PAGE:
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Replay: LATAM Food Week: The Rise of Gen H

Published by The Food Institute 3 (1)

On Day 2 of The Food Institute’s Latam Food Week, a new generation was coined: Generation H.

“Think of it as Gen Z meets Hispanic culture,” said Hunter Thurman, president of Alpha-Diver, “a high-sensory, emotion-first approach to eating and drinking.”

Thurman is a known (and trusted) face at The Food Institute, having appeared on several webinars and podcasts in the past detailing his company’s work—the why of different demographics snacking as Alpha-Diver examines the psychological strata behind consumers’ curious choices. Alpha-Diver’s clients include McDonald’s, Coca-Cola, and many more.

On Tuesday, however, Thurman’s focus was at the heart of Latam Food Week with Brian Choi, CEO of The Food Institute, and the many webinar attendees. Here are some brief takeaways.

The Changing Demographics of Consumer Culture

Thurman began with a simple question – how many consumers will identify as Hispanic by 2028?

“Twenty-two percent,” he said, “almost one-quarter of all consumers.”

That is a LOT of dining dinero to spend in retail, foodservice, and more. This year’s U.S. Latino economy continues to grow; it reached $3.2 trillion in 2021 per a new report from the Latino Donor Collaborative as reported by CNBC.

And how many consumers cited Mexican food as their favorite global cuisine, if they had to select just one for the rest of their lives?

“Forty-five percent of Gen Z chose Mexican,” he said. In the year that Cholula surpassed Tabasco as most consumers’ hot sauce of choice and when Modelo Especial usurped Bud Light as the no. 1 beer brand in America, the data tells a much larger story.

But why? Why do people consume the way they do, and what are they gravitating toward? That’s what Alpha-Diver seeks to find out.

Three Driving Forces: Tribal, Experiential, Well-Being

Thurman described three forces that drive most food and beverage purchases.

  • Tribal – This product helps me connect with my people (my tribe)
  • Experiential – This product offers an experience I’ve never had before
  • Well-Being – This product makes me feel better right now

In today’s post-pandemic market of well-being and more holistic nutrition and consumption, it should surprise no one that the third reason people buy what they buy – well-being – far outpaces the other two factors in Alpha-Diver’s consumer research since 2020.

“Consumers are telling us that the world is stressful, and I want to feel better now,” Thurman emphasized, “that’s the macro-driver of the Gen H/Hispanic food and culture zeitgeist.”

Thurman mentioned familiar pairings that are exploding in CPG, retail, restaurant, and even at-home cooking. Acids and sours, spice and heat – these flavors and textures offer more than just a snack. They offer experiences to those who seek them out.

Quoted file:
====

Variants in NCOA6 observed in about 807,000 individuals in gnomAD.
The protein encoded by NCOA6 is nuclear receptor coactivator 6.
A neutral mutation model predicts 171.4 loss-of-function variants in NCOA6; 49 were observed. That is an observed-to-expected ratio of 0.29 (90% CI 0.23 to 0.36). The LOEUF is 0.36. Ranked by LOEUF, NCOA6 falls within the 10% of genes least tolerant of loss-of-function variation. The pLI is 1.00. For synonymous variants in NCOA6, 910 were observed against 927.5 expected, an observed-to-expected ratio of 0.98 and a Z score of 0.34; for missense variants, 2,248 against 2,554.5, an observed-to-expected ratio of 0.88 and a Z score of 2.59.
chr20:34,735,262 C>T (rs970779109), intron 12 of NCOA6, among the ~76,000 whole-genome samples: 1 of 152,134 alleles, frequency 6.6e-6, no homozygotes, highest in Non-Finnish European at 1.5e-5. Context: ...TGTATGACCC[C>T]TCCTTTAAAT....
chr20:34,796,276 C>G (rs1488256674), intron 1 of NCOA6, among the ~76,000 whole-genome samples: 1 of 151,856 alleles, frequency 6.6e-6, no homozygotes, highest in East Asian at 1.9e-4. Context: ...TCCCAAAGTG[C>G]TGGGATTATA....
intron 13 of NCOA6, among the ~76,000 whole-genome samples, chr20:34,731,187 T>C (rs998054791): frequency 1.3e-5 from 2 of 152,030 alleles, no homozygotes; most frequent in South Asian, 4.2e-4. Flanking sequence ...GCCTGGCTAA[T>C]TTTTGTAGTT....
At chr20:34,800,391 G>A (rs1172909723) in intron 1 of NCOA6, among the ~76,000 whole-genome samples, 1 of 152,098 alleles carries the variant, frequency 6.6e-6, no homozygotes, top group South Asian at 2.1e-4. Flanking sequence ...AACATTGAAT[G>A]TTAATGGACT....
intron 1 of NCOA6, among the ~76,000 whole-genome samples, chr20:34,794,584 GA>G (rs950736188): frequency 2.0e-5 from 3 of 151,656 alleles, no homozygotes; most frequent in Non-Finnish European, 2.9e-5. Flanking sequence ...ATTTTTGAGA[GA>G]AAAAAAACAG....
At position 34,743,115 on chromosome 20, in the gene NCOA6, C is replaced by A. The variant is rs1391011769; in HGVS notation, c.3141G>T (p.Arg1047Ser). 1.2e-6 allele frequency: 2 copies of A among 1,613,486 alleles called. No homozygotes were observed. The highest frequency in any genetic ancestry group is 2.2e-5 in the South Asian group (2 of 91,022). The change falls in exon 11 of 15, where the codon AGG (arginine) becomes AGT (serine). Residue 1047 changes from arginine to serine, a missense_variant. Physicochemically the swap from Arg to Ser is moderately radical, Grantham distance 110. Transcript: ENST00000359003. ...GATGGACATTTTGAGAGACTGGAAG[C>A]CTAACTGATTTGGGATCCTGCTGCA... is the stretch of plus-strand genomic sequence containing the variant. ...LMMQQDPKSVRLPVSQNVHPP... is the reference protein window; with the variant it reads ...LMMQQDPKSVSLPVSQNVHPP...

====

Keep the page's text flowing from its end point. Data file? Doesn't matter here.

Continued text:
“It’s a dynamic contract,” he said, “in that every bite has many flavors and textures. Szechuan cuisine, popular brands like Dave’s Hot Chicken – there’s a lot of convergence there,” he mentioned, and do the heavy lifting from an emotional and experiential standpoint in the minds (and mouths) of many consumers.

Hispanic Brands on the Rise

Thurman pointed out two brands making headway among much larger and more well-established American mainstays in snacking and beverage. Takis are a Mexican salty snack brand and Electrolit is a functional beverage competing with Gatorade, Powerade, and more. Both, however, are doing gangbusters amid much more fierce competition with larger market share. But why?

“First, the packaging,” Thurman pointed out. The Takis packaging is a neon vortex of swirling flavor and spice, whirling off the package and promising an exciting snacking experience. On the other end of the spectrum, Electrolit offers quite a rational means of understanding its benefits, heavy on hydration and imagery that promises the more fun aspects of a good workout.

“Many consumers want to feel better and counter intuitively reach for brands like Takis, brands that actually trigger a survivalist-type mindset that provides emotional value,” he said. “This is a brand that makes me feel better right now.”

He also pointed out that many Hispanic brands are gaining ground with not only Gen Z but all consumers not because of their south-of-the-border pedigree, but in spite of it. In many ways, marketing that elicits traditional Hispanic values – diversity, flavor, and fun – are outpacing their American-branded counterparts. Electrolit, for example, had a higher rating in Alpha-Diver’s system amid functional beverages than Powerade.

Putting It All Together

“Whether a Latam brand, restaurant, or retail, what comes through in the data is that for Gen H, the opportunity to combine these trends together makes for a strong package and opportunity,” Thurman concluded.

“Don’t overlook the opportunity to combine these trends together,” he added. “Young consumer mindsets are strongly attracted to what makes them feel good fast.”

He ended with a brief comparison of Takis to Cheetos.

“They’re doing very similar jobs in the minds of the consumer,” he said, “as both fulfill that feel-better-now job well. From an equity standpoint, the fact that Takis are from Mexico and Cheetos from Plano is not that important; maybe some of that comes into play, but what our data points to is much more about the experience and the feels than the provenance.”


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